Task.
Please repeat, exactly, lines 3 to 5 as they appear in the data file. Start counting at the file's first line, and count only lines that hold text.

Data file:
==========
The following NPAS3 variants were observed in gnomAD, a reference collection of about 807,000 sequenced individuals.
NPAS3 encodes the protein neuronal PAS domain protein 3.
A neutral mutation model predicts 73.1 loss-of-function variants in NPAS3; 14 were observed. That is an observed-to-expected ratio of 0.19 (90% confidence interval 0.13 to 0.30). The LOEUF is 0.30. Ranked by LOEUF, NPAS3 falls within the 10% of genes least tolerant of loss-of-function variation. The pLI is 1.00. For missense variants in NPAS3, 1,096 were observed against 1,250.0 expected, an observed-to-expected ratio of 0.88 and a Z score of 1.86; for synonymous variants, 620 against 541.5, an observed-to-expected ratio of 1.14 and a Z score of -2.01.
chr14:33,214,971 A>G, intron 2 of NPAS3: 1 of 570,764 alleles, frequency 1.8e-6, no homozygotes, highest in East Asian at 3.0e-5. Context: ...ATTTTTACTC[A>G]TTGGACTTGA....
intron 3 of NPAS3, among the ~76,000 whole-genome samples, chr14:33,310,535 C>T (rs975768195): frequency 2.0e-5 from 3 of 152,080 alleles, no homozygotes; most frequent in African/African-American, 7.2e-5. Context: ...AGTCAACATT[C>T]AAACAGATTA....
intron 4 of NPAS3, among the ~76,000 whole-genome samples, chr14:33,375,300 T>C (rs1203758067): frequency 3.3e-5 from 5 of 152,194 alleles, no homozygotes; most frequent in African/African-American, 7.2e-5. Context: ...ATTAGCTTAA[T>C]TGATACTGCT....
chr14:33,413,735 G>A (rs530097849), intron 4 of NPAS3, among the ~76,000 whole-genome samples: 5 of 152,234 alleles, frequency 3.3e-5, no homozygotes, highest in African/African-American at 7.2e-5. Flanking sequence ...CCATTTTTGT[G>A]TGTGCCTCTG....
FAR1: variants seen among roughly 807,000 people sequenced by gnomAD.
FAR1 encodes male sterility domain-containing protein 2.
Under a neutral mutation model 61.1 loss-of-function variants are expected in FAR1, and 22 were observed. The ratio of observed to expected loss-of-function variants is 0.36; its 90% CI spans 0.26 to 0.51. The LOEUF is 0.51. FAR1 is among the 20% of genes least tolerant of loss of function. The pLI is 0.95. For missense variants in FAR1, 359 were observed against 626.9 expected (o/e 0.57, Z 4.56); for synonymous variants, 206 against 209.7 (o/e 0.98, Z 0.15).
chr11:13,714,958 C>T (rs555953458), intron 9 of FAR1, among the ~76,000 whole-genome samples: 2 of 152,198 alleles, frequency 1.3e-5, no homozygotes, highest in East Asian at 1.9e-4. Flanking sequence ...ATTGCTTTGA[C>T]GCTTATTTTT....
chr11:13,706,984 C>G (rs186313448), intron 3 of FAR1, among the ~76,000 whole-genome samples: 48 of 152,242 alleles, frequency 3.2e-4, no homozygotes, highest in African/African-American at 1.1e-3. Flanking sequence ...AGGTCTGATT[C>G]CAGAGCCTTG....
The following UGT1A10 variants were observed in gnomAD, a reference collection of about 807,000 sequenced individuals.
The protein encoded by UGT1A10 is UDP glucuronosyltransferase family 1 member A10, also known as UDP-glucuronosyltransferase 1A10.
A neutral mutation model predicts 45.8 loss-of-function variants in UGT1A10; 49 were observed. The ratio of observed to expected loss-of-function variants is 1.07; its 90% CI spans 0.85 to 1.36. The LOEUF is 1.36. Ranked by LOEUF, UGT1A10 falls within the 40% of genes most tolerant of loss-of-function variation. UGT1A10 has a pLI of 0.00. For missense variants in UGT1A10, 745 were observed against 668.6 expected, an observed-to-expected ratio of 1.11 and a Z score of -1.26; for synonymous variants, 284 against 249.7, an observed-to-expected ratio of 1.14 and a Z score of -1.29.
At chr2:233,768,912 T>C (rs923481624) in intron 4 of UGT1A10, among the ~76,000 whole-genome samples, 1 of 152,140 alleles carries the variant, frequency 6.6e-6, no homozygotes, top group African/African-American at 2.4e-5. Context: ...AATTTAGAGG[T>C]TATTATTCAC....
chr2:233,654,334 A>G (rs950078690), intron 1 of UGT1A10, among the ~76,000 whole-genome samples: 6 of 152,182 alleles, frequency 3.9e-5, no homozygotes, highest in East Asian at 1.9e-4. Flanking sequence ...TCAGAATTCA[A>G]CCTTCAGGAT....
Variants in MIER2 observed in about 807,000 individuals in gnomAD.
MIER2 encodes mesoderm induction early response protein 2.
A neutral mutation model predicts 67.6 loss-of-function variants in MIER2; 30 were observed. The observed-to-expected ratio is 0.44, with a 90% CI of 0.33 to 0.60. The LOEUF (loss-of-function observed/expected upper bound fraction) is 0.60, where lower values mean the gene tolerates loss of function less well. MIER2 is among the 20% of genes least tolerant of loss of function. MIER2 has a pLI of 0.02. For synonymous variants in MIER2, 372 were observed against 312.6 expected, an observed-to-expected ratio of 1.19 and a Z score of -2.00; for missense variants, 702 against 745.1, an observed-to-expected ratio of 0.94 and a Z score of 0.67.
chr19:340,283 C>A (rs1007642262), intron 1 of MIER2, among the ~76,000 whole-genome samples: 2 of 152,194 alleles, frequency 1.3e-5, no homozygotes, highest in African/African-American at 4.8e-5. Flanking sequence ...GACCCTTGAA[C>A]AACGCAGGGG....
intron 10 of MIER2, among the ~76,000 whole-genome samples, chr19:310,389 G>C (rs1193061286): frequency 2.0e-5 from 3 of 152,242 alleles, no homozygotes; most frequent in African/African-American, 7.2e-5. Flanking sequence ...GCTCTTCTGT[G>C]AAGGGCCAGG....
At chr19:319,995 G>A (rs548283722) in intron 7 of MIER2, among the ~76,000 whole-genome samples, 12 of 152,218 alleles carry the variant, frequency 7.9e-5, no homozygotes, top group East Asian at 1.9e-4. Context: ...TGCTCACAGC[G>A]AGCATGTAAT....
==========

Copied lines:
A neutral mutation model predicts 73.1 loss-of-function variants in NPAS3; 14 were observed. That is an observed-to-expected ratio of 0.19 (90% confidence interval 0.13 to 0.30). The LOEUF is 0.30. Ranked by LOEUF, NPAS3 falls within the 10% of genes least tolerant of loss-of-function variation. The pLI is 1.00. For missense variants in NPAS3, 1,096 were observed against 1,250.0 expected, an observed-to-expected ratio of 0.88 and a Z score of 1.86; for synonymous variants, 620 against 541.5, an observed-to-expected ratio of 1.14 and a Z score of -2.01.
chr14:33,214,971 A>G, intron 2 of NPAS3: 1 of 570,764 alleles, frequency 1.8e-6, no homozygotes, highest in East Asian at 3.0e-5. Context: ...ATTTTTACTC[A>G]TTGGACTTGA....
intron 3 of NPAS3, among the ~76,000 whole-genome samples, chr14:33,310,535 C>T (rs975768195): frequency 2.0e-5 from 3 of 152,080 alleles, no homozygotes; most frequent in African/African-American, 7.2e-5. Context: ...AGTCAACATT[C>T]AAACAGATTA....